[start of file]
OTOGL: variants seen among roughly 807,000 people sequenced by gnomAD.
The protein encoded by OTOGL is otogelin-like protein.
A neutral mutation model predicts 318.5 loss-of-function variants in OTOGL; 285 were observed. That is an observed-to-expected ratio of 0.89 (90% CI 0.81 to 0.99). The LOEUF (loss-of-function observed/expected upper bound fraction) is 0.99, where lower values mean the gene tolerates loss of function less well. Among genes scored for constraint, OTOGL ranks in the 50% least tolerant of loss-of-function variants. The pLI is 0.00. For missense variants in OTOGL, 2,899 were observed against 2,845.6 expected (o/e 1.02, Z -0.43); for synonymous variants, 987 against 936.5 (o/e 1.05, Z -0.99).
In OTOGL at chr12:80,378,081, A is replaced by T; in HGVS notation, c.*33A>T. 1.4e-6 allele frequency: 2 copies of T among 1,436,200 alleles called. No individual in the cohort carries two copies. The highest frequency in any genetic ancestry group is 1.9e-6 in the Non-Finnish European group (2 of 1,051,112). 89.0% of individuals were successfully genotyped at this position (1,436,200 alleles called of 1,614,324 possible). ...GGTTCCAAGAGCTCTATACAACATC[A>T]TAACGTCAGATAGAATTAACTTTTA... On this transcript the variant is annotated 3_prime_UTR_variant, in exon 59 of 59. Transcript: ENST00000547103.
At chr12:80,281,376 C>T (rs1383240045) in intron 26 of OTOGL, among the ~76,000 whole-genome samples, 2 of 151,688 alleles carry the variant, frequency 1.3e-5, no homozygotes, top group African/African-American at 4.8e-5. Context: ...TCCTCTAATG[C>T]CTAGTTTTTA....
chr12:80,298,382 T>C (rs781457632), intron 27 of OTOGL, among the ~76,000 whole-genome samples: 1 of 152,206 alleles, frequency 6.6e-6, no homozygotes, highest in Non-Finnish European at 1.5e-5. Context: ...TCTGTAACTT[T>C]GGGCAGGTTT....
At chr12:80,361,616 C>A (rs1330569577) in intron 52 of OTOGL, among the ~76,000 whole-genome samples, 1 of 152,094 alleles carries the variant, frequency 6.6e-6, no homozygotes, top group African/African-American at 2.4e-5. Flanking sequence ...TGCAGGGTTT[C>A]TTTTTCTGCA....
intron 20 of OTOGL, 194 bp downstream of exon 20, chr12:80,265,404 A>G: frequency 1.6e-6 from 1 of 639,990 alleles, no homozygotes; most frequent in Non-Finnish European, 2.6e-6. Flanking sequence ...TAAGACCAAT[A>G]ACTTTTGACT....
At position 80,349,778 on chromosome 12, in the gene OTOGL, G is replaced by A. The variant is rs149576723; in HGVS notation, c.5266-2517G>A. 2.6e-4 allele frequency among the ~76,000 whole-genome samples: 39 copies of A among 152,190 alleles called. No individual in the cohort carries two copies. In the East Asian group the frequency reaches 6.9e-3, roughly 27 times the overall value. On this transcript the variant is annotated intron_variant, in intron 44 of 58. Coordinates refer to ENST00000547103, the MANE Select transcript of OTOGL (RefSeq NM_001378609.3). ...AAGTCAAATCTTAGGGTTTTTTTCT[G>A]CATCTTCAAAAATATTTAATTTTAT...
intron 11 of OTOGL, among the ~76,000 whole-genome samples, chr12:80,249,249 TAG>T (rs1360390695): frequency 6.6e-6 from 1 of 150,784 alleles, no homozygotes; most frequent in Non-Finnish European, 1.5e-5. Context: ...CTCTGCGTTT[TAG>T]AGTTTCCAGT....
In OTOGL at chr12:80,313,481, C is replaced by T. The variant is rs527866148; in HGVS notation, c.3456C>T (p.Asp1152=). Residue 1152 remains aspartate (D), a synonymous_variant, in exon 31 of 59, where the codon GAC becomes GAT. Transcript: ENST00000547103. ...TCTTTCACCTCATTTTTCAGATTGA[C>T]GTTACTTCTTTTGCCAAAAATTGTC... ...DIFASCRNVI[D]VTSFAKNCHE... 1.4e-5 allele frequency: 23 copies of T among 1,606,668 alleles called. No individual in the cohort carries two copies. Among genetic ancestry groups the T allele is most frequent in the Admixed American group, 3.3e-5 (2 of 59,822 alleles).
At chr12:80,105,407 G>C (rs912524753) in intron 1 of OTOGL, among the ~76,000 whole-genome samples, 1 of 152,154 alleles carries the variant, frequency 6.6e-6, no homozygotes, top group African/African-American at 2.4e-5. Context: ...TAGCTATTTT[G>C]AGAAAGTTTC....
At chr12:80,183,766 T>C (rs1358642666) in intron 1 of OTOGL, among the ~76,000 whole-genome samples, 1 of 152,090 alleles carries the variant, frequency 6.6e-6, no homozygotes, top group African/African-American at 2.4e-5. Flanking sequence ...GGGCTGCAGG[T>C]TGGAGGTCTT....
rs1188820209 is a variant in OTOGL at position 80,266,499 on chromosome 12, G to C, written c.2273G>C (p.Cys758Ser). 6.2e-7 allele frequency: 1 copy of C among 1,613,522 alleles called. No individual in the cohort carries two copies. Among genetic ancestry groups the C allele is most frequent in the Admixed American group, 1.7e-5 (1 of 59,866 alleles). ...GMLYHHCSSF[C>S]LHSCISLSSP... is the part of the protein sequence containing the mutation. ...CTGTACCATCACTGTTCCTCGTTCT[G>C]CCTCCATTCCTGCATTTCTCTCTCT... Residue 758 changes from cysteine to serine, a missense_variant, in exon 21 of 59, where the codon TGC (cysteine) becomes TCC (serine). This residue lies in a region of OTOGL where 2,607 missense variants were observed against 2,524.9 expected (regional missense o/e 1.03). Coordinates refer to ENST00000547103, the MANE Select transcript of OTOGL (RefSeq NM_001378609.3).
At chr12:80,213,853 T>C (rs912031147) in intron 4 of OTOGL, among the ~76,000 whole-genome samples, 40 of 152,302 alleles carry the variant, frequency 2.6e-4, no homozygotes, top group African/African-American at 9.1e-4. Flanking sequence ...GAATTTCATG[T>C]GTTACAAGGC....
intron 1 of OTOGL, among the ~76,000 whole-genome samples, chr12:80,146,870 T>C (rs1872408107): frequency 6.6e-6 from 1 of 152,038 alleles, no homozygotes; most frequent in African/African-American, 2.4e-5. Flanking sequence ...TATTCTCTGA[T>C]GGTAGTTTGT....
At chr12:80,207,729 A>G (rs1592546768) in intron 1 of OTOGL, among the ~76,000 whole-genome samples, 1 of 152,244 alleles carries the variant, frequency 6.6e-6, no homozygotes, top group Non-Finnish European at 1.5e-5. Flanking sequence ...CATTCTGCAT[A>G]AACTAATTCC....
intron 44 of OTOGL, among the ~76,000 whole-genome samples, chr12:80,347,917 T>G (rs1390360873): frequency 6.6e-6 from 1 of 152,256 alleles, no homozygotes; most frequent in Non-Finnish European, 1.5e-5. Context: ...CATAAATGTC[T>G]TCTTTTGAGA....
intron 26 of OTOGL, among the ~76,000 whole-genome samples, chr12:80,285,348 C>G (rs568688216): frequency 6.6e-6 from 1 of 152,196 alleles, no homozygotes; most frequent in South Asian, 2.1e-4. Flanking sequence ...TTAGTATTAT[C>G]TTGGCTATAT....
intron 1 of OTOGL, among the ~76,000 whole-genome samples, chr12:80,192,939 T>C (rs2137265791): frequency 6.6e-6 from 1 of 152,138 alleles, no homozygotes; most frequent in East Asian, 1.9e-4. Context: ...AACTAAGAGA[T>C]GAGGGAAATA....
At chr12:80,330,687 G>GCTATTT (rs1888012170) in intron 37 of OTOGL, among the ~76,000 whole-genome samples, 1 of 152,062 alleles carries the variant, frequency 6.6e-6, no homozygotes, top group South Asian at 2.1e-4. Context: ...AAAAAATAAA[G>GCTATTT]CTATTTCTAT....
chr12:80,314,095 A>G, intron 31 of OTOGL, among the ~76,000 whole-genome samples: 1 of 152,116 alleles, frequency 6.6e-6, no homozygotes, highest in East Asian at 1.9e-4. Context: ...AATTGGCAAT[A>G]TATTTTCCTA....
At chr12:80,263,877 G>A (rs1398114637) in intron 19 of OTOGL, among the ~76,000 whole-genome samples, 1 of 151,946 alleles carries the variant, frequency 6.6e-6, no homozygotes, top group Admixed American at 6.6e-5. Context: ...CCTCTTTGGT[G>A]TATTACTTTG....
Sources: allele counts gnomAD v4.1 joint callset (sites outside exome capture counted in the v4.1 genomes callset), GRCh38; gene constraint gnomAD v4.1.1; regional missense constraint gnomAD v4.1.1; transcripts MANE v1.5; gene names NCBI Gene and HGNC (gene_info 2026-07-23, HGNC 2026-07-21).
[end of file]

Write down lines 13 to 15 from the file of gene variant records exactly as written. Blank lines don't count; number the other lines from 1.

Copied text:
At chr12:80,183,766 T>C (rs1358642666) in intron 1 of OTOGL, among the ~76,000 whole-genome samples, 1 of 152,090 alleles carries the variant, frequency 6.6e-6, no homozygotes, top group African/African-American at 2.4e-5. Flanking sequence ...GGGCTGCAGG[T>C]TGGAGGTCTT....
rs1188820209 is a variant in OTOGL at position 80,266,499 on chromosome 12, G to C, written c.2273G>C (p.Cys758Ser). 6.2e-7 allele frequency: 1 copy of C among 1,613,522 alleles called. No individual in the cohort carries two copies. Among genetic ancestry groups the C allele is most frequent in the Admixed American group, 1.7e-5 (1 of 59,866 alleles). ...GMLYHHCSSF[C>S]LHSCISLSSP... is the part of the protein sequence containing the mutation. ...CTGTACCATCACTGTTCCTCGTTCT[G>C]CCTCCATTCCTGCATTTCTCTCTCT... Residue 758 changes from cysteine to serine, a missense_variant, in exon 21 of 59, where the codon TGC (cysteine) becomes TCC (serine). This residue lies in a region of OTOGL where 2,607 missense variants were observed against 2,524.9 expected (regional missense o/e 1.03). Coordinates refer to ENST00000547103, the MANE Select transcript of OTOGL (RefSeq NM_001378609.3).
At chr12:80,213,853 T>C (rs912031147) in intron 4 of OTOGL, among the ~76,000 whole-genome samples, 40 of 152,302 alleles carry the variant, frequency 2.6e-4, no homozygotes, top group African/African-American at 9.1e-4. Flanking sequence ...GAATTTCATG[T>C]GTTACAAGGC....